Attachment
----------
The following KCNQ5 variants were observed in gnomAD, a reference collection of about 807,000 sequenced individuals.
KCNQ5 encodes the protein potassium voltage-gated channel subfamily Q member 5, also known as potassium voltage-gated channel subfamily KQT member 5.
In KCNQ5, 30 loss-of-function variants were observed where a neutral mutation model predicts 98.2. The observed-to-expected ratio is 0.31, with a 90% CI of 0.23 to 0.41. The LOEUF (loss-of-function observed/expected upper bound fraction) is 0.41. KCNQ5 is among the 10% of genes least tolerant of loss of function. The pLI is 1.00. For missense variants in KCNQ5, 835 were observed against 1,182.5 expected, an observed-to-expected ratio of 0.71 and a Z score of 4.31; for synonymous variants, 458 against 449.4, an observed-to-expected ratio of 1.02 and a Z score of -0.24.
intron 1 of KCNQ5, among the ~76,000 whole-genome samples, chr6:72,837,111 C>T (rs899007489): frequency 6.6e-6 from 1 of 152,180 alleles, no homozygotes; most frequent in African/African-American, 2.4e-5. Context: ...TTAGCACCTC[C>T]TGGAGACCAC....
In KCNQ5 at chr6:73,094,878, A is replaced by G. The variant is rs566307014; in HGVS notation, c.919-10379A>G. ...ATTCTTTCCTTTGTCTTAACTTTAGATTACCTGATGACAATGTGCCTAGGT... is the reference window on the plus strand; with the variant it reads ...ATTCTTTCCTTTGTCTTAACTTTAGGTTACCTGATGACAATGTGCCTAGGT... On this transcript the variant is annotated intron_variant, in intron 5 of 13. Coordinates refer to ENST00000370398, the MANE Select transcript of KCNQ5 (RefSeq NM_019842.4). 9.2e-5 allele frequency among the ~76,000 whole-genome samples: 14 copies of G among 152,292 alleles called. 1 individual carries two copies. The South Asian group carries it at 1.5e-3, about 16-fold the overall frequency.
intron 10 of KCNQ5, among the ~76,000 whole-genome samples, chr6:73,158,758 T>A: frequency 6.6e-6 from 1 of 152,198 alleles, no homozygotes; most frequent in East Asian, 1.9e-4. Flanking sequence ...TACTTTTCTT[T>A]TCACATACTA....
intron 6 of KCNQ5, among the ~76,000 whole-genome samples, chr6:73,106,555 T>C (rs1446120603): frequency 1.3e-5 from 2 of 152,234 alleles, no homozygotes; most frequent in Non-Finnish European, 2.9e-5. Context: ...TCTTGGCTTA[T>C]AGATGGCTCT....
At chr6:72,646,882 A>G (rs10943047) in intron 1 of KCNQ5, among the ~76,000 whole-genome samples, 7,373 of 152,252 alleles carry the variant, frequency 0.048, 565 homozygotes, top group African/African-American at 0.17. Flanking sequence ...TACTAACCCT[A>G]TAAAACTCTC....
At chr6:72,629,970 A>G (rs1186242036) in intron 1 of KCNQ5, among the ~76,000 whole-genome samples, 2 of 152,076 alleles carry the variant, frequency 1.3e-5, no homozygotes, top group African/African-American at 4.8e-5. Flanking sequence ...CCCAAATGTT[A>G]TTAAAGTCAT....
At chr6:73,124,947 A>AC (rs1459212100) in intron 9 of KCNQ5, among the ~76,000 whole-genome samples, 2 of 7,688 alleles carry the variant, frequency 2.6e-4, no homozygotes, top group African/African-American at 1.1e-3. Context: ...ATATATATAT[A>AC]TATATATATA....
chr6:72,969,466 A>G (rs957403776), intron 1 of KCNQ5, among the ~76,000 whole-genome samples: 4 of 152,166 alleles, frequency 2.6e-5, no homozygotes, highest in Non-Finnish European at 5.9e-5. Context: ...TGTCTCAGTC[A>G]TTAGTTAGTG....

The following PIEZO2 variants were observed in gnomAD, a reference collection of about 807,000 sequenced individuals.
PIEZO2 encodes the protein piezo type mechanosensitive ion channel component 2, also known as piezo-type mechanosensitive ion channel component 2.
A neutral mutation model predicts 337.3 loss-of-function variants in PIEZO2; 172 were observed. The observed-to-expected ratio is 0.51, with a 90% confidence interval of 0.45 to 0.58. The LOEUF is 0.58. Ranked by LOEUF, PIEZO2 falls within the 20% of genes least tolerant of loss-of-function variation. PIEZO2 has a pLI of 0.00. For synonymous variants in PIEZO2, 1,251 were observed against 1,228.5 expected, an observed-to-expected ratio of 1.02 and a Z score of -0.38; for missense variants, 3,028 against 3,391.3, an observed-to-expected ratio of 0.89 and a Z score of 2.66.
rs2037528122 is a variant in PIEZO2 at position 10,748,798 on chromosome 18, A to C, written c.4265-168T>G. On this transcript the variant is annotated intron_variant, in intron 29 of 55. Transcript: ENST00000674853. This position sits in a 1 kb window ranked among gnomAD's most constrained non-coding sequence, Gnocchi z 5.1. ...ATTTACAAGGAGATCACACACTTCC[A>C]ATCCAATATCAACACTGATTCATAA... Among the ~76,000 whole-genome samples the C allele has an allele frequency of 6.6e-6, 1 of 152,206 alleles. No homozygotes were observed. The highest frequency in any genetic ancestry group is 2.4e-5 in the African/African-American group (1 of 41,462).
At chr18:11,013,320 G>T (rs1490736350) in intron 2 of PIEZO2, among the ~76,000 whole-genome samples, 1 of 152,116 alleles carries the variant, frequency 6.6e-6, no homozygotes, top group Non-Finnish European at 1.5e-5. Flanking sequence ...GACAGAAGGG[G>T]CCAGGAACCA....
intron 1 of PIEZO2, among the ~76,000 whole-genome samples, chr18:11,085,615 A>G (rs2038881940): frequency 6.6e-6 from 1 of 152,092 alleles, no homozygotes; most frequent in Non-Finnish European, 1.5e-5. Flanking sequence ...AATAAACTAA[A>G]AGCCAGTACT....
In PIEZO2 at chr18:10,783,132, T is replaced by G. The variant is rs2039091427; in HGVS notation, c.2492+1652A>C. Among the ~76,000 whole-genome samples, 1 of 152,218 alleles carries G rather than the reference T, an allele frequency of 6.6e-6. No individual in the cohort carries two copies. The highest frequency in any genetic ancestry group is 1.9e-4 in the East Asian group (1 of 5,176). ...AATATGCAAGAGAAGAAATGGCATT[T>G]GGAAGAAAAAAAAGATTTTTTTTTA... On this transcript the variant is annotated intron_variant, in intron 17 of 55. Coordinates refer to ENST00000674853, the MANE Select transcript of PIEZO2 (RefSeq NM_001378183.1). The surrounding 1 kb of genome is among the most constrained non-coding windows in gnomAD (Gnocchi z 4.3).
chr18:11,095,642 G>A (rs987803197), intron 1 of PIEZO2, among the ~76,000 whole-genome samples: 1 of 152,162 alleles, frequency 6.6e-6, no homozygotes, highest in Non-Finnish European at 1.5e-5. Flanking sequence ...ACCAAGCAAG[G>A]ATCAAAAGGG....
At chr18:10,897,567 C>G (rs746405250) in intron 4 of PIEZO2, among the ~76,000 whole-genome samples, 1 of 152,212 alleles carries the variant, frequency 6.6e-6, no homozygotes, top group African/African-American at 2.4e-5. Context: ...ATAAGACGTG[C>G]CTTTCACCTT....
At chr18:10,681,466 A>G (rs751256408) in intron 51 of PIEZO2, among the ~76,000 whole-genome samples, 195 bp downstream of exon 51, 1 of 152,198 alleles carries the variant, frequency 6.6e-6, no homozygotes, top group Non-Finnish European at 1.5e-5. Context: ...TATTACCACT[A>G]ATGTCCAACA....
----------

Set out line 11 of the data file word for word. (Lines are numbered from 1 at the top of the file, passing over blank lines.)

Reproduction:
chr6:72,969,466 A>G (rs957403776), intron 1 of KCNQ5, among the ~76,000 whole-genome samples: 4 of 152,166 alleles, frequency 2.6e-5, no homozygotes, highest in Non-Finnish European at 5.9e-5. Context: ...TGTCTCAGTC[A>G]TTAGTTAGTG....